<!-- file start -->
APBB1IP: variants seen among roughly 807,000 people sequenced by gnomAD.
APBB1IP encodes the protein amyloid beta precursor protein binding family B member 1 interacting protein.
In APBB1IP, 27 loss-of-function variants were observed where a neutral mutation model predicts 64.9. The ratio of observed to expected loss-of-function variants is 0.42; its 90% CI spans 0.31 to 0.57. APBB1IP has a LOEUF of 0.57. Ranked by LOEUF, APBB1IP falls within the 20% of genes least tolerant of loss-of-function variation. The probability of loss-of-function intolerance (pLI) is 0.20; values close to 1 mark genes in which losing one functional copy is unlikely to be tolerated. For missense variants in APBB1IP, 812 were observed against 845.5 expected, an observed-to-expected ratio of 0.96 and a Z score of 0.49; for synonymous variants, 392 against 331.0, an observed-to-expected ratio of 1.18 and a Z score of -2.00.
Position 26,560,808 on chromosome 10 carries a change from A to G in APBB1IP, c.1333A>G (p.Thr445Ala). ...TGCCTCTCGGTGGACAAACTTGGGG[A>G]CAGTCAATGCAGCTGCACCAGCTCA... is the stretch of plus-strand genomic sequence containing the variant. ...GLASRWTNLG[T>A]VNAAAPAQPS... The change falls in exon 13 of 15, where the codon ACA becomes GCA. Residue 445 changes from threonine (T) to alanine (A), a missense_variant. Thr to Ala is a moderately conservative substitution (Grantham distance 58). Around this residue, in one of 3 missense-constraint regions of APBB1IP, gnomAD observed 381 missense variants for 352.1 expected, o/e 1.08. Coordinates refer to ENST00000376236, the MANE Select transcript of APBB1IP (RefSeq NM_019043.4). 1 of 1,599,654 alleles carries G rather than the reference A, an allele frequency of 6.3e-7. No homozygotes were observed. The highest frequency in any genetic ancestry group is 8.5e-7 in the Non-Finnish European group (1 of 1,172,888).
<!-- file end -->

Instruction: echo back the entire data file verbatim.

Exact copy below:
APBB1IP: variants seen among roughly 807,000 people sequenced by gnomAD.
APBB1IP encodes the protein amyloid beta precursor protein binding family B member 1 interacting protein.
In APBB1IP, 27 loss-of-function variants were observed where a neutral mutation model predicts 64.9. The ratio of observed to expected loss-of-function variants is 0.42; its 90% CI spans 0.31 to 0.57. APBB1IP has a LOEUF of 0.57. Ranked by LOEUF, APBB1IP falls within the 20% of genes least tolerant of loss-of-function variation. The probability of loss-of-function intolerance (pLI) is 0.20; values close to 1 mark genes in which losing one functional copy is unlikely to be tolerated. For missense variants in APBB1IP, 812 were observed against 845.5 expected, an observed-to-expected ratio of 0.96 and a Z score of 0.49; for synonymous variants, 392 against 331.0, an observed-to-expected ratio of 1.18 and a Z score of -2.00.
Position 26,560,808 on chromosome 10 carries a change from A to G in APBB1IP, c.1333A>G (p.Thr445Ala). ...TGCCTCTCGGTGGACAAACTTGGGG[A>G]CAGTCAATGCAGCTGCACCAGCTCA... is the stretch of plus-strand genomic sequence containing the variant. ...GLASRWTNLG[T>A]VNAAAPAQPS... The change falls in exon 13 of 15, where the codon ACA becomes GCA. Residue 445 changes from threonine (T) to alanine (A), a missense_variant. Thr to Ala is a moderately conservative substitution (Grantham distance 58). Around this residue, in one of 3 missense-constraint regions of APBB1IP, gnomAD observed 381 missense variants for 352.1 expected, o/e 1.08. Coordinates refer to ENST00000376236, the MANE Select transcript of APBB1IP (RefSeq NM_019043.4). 1 of 1,599,654 alleles carries G rather than the reference A, an allele frequency of 6.3e-7. No homozygotes were observed. The highest frequency in any genetic ancestry group is 8.5e-7 in the Non-Finnish European group (1 of 1,172,888).